Me: So do you encourage your patients to have epidurals, or can they choose not have one?
Evil Dr. J (aka - Cervix Assaulter): No, if you don't want one, you don't have to have one. My wife didn't want one, because she didn't think the contractions were that big a deal. Her dad was a drill sergeant, you see. She actually broke her arm once, and no one realized it because she didn't mention it to anyone for a whole day.
On the surface it sounds like he's saying that epidurals aren't forced on you and they totally respect your wishes. But he's also saying that you'd have to have a ridiculously high pain tolerance to endure unmedicated childbirth. Well, I don't have a high pain tolerance. If I stub my toe unexpectedly I curse, and I try to not curse. So if you express a desire to go natural and your practitioner tells a story like this, switch doctors NOW.
Here's another dialogue, because that last one was so fun:
Me: So do you routinely perform episiotomies? (I worded this badly. The word "routinely" is a red-flag to doctors...)
Evil Dr. J: Hey, if your bottom's big enough, then I won't cut you.
This was a favorite exchange of mine. Since I'm rather gifted with languages, I'll translate: "I don't believe in the perineum's ability to stretch, and I don't like tears. It takes too long to sew them up. If your baby isn't coming out as easily and as fast as I like, then I'll cut you." I know, can you believe that much was said in just those few words???!!!! Some languages are just weird!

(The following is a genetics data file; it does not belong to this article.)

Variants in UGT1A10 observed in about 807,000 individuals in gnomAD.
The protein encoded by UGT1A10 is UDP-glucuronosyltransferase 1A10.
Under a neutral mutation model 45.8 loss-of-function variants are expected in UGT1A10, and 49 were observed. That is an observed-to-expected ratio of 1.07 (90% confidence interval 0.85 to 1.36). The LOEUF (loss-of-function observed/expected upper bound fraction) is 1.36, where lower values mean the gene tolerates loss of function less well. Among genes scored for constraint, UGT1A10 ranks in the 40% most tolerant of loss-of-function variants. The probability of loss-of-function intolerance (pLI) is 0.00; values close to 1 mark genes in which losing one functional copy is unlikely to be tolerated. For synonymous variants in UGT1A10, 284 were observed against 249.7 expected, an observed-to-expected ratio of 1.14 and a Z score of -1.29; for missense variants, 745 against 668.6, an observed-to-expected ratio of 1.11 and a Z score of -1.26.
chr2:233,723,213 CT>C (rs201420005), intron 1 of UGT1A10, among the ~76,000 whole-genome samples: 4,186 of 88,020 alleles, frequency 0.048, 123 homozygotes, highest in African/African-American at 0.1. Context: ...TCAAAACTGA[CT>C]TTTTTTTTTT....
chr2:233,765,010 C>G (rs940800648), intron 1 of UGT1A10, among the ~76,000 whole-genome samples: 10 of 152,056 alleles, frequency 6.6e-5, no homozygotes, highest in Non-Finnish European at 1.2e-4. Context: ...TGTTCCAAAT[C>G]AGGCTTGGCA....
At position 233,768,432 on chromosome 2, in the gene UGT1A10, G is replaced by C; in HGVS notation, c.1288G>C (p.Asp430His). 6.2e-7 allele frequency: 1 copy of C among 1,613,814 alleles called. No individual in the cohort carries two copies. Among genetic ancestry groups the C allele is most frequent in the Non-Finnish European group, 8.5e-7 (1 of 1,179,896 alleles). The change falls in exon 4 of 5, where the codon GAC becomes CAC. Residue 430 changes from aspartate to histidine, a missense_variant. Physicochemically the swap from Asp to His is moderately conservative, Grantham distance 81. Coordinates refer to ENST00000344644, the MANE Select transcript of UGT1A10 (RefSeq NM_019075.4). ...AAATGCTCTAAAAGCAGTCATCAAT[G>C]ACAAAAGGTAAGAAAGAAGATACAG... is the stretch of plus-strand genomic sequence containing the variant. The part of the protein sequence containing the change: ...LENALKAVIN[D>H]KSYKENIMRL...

What you want to know is not whether or not they like epidurals. It's whether they are happy to hold back intervention in your low-risk labor. Unnecessary intervention could make your labor less manageable, and hence you might end up choosing an epidural. When you're looking for a provider, you want to know some of the following: When do they use IV's? Are they comfortable with intermittent fetal monitoring when mom and baby are doing well? Are they comfortable allowing a mom to tear (or not tear) instead of performing an episiotomy as long as the baby is well? Do they mind sharing their cesarean rates with you? Do they use vacuum or forceps frequently in births? Do they get uncomfortable with moms having large babies if the mom is no petite lady (not necessarily a problem, by the way)? Would they allow eating or drinking in labor? Are they comfortable with a "birth contract" or a "labor wish list?" Would they mind if you hired a doula? Will they always consult with you to discuss interventions and allow you veto power unless it's an emergency? Do they attend a lot of unmedicated births?
I can't tell you exactly how to ask these questions. It's important to be respectful, but you don't have to be sheepish either. It's your birth. If you start asking these questions and the doctor or midwife is enthusiastic or plainly states something like, "Labor, when issues don't arise, should be a natural as possible," you've found yourself a winner. You can reassure them that you are prepared for the possibility that some things might go wrong, and you're glad you're in good hands. (Of course, that doesn't mean to skip the "wish list.") If, however, you start asking these questions and the practitioner gets uncomfortable or makes a joke about having to catch a baby on the ground or something (happened to a family member), then you have a red flag. Switch practitioners NOW. And if you're 32 weeks along when it hits you that it's time to change, don't beat yourself up. Take control of your birth.